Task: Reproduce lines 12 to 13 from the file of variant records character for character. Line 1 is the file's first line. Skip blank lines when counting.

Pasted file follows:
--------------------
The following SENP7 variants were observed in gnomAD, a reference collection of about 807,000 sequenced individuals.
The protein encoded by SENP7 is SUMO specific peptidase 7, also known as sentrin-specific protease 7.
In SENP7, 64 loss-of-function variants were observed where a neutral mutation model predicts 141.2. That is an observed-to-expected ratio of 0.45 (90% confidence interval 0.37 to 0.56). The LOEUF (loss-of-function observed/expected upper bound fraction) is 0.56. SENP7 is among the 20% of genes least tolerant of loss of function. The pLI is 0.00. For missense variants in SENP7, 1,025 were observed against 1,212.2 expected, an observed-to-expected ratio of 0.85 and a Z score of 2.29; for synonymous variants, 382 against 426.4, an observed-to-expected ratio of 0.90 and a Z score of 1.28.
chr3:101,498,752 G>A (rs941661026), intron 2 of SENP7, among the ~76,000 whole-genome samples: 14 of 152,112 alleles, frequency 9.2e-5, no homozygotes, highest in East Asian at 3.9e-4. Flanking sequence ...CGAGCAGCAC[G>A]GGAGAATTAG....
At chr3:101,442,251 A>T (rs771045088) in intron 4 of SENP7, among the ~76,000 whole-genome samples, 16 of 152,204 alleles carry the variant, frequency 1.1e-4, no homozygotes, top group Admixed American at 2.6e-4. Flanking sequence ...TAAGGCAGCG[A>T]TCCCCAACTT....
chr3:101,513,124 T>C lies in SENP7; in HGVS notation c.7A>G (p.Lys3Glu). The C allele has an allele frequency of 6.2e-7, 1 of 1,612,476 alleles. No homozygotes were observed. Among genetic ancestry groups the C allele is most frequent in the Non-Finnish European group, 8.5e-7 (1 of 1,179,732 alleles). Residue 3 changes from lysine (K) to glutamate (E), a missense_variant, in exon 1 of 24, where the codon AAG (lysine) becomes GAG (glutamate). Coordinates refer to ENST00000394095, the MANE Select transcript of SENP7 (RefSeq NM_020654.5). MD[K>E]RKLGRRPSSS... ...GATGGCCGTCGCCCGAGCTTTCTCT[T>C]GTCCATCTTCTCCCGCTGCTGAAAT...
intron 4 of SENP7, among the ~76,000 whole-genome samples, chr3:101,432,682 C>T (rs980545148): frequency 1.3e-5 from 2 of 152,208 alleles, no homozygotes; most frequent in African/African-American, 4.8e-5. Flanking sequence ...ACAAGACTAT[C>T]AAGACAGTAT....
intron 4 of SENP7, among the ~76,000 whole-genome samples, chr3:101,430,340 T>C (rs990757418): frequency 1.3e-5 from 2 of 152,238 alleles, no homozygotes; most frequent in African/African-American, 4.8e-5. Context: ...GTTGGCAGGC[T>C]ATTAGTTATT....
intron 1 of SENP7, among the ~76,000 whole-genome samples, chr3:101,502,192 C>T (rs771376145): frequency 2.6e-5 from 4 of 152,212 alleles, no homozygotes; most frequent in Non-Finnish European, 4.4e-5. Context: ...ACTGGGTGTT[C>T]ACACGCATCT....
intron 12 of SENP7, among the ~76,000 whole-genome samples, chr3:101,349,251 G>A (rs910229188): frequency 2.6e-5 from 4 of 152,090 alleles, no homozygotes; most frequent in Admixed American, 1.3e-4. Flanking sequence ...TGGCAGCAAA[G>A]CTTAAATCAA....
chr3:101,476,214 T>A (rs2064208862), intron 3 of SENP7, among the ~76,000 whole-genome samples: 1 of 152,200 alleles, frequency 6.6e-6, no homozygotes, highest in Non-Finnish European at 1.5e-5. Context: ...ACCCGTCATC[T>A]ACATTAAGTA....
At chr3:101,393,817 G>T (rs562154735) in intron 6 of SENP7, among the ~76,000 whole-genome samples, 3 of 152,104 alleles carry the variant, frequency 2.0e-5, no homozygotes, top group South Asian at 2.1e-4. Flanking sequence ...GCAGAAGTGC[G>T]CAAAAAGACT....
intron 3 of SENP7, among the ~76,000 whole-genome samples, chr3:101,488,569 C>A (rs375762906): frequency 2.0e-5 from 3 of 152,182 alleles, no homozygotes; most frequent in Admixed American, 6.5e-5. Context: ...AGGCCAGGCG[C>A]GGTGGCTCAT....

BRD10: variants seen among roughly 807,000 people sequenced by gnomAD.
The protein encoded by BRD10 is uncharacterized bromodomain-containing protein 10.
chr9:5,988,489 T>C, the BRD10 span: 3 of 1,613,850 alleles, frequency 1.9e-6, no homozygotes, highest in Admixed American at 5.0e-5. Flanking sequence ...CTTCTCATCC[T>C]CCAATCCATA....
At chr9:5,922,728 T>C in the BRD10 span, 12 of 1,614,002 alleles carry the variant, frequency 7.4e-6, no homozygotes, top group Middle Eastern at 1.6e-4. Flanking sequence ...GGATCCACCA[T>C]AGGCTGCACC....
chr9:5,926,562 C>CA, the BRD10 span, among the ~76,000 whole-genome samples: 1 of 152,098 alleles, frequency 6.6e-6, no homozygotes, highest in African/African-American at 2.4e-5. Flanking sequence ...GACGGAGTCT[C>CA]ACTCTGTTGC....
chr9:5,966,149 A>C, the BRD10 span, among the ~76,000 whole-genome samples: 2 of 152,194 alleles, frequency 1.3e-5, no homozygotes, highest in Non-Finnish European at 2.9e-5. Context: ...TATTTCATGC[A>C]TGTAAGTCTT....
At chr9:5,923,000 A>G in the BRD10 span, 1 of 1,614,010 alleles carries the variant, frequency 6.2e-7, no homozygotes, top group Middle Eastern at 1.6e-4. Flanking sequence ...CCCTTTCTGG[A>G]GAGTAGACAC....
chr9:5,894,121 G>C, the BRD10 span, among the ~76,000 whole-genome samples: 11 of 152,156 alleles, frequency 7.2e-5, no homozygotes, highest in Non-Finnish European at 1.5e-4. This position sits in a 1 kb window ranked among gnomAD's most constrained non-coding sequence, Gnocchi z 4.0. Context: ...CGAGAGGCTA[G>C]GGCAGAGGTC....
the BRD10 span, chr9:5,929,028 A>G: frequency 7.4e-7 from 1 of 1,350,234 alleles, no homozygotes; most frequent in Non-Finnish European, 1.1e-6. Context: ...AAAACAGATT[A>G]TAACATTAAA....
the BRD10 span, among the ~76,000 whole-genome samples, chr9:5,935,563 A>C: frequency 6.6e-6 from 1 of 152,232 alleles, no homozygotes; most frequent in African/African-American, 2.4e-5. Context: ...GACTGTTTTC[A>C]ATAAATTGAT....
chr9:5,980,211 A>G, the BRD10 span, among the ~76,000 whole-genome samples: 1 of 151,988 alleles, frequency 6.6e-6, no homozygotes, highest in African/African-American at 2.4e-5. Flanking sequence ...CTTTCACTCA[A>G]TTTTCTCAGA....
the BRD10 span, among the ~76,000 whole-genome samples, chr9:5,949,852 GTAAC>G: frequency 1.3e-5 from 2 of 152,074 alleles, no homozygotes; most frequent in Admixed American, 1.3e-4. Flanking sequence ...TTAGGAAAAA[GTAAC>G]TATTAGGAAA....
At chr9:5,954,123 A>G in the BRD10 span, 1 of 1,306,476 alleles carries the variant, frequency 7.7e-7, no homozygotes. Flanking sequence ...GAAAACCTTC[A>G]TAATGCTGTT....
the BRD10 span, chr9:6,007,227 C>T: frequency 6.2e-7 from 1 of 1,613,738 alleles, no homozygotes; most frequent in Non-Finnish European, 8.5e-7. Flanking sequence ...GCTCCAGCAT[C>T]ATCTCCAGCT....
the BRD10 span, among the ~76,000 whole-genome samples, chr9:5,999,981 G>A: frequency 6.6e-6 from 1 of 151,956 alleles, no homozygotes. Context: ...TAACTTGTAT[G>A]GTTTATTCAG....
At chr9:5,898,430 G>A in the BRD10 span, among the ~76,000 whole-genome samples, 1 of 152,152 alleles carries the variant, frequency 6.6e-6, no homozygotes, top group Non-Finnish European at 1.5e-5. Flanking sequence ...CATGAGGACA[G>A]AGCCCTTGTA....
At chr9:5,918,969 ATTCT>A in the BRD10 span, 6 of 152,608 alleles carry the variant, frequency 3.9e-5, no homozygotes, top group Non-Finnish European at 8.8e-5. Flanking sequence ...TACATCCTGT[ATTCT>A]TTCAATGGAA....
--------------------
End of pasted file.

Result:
At chr3:101,393,817 G>T (rs562154735) in intron 6 of SENP7, among the ~76,000 whole-genome samples, 3 of 152,104 alleles carry the variant, frequency 2.0e-5, no homozygotes, top group South Asian at 2.1e-4. Flanking sequence ...GCAGAAGTGC[G>T]CAAAAAGACT....
intron 3 of SENP7, among the ~76,000 whole-genome samples, chr3:101,488,569 C>A (rs375762906): frequency 2.0e-5 from 3 of 152,182 alleles, no homozygotes; most frequent in Admixed American, 6.5e-5. Context: ...AGGCCAGGCG[C>A]GGTGGCTCAT....